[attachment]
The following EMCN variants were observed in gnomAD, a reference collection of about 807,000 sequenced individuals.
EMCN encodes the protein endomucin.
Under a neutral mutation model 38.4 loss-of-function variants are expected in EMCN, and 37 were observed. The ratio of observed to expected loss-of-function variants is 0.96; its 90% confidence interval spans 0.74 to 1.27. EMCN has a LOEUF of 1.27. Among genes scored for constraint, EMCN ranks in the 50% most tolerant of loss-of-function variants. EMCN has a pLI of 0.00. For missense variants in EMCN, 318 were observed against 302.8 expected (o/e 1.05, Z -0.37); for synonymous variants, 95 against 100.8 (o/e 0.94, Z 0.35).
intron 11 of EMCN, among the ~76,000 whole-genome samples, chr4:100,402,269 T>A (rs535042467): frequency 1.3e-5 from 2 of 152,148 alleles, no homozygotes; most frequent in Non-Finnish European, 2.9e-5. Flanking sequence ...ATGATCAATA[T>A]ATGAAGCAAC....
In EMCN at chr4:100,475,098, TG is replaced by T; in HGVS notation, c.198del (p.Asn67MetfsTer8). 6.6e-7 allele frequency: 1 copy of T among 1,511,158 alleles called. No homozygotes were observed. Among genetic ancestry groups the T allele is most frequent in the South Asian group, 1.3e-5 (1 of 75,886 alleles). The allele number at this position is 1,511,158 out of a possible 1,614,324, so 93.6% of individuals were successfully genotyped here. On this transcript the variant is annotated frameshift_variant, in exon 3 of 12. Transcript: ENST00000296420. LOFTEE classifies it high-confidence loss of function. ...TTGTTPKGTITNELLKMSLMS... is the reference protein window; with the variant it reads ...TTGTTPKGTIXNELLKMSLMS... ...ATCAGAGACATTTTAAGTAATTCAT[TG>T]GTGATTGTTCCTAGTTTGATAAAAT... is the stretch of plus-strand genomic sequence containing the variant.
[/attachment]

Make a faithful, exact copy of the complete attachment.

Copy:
The following EMCN variants were observed in gnomAD, a reference collection of about 807,000 sequenced individuals.
EMCN encodes the protein endomucin.
Under a neutral mutation model 38.4 loss-of-function variants are expected in EMCN, and 37 were observed. The ratio of observed to expected loss-of-function variants is 0.96; its 90% confidence interval spans 0.74 to 1.27. EMCN has a LOEUF of 1.27. Among genes scored for constraint, EMCN ranks in the 50% most tolerant of loss-of-function variants. EMCN has a pLI of 0.00. For missense variants in EMCN, 318 were observed against 302.8 expected (o/e 1.05, Z -0.37); for synonymous variants, 95 against 100.8 (o/e 0.94, Z 0.35).
intron 11 of EMCN, among the ~76,000 whole-genome samples, chr4:100,402,269 T>A (rs535042467): frequency 1.3e-5 from 2 of 152,148 alleles, no homozygotes; most frequent in Non-Finnish European, 2.9e-5. Flanking sequence ...ATGATCAATA[T>A]ATGAAGCAAC....
In EMCN at chr4:100,475,098, TG is replaced by T; in HGVS notation, c.198del (p.Asn67MetfsTer8). 6.6e-7 allele frequency: 1 copy of T among 1,511,158 alleles called. No homozygotes were observed. Among genetic ancestry groups the T allele is most frequent in the South Asian group, 1.3e-5 (1 of 75,886 alleles). The allele number at this position is 1,511,158 out of a possible 1,614,324, so 93.6% of individuals were successfully genotyped here. On this transcript the variant is annotated frameshift_variant, in exon 3 of 12. Transcript: ENST00000296420. LOFTEE classifies it high-confidence loss of function. ...TTGTTPKGTITNELLKMSLMS... is the reference protein window; with the variant it reads ...TTGTTPKGTIXNELLKMSLMS... ...ATCAGAGACATTTTAAGTAATTCAT[TG>T]GTGATTGTTCCTAGTTTGATAAAAT... is the stretch of plus-strand genomic sequence containing the variant.